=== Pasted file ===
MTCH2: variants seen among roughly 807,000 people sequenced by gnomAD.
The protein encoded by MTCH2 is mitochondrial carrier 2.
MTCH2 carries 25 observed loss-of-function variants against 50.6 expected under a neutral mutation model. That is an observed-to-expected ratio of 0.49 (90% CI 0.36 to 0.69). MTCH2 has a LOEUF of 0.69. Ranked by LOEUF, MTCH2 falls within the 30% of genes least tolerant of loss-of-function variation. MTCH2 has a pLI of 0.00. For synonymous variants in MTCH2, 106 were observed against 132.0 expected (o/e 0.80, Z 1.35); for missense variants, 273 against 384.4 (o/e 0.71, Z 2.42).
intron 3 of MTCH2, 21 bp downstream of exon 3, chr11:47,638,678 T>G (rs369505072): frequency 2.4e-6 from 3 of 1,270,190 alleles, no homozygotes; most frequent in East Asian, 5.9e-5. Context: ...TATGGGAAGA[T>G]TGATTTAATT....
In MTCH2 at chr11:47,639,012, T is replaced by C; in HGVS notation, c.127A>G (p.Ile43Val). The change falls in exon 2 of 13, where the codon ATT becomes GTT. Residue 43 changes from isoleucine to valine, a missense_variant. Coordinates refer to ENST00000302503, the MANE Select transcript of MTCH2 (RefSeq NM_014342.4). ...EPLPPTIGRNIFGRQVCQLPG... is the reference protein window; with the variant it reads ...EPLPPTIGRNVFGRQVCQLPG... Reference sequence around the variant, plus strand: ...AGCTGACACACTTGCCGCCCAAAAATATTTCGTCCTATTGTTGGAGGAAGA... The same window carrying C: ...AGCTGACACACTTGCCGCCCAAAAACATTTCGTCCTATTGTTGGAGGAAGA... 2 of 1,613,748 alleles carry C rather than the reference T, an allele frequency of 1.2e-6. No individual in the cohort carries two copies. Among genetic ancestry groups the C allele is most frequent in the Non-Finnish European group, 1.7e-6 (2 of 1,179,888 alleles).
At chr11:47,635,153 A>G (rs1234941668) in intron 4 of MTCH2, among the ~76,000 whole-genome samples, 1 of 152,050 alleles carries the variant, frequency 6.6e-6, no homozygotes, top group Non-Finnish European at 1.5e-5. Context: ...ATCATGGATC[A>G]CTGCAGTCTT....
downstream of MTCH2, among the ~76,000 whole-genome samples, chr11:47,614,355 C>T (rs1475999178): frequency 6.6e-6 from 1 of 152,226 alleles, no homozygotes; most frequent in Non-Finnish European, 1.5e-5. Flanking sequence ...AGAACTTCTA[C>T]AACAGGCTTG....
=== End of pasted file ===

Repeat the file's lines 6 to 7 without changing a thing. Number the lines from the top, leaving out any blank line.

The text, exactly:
At chr11:47,635,153 A>G (rs1234941668) in intron 4 of MTCH2, among the ~76,000 whole-genome samples, 1 of 152,050 alleles carries the variant, frequency 6.6e-6, no homozygotes, top group Non-Finnish European at 1.5e-5. Context: ...ATCATGGATC[A>G]CTGCAGTCTT....
downstream of MTCH2, among the ~76,000 whole-genome samples, chr11:47,614,355 C>T (rs1475999178): frequency 6.6e-6 from 1 of 152,226 alleles, no homozygotes; most frequent in Non-Finnish European, 1.5e-5. Flanking sequence ...AGAACTTCTA[C>T]AACAGGCTTG....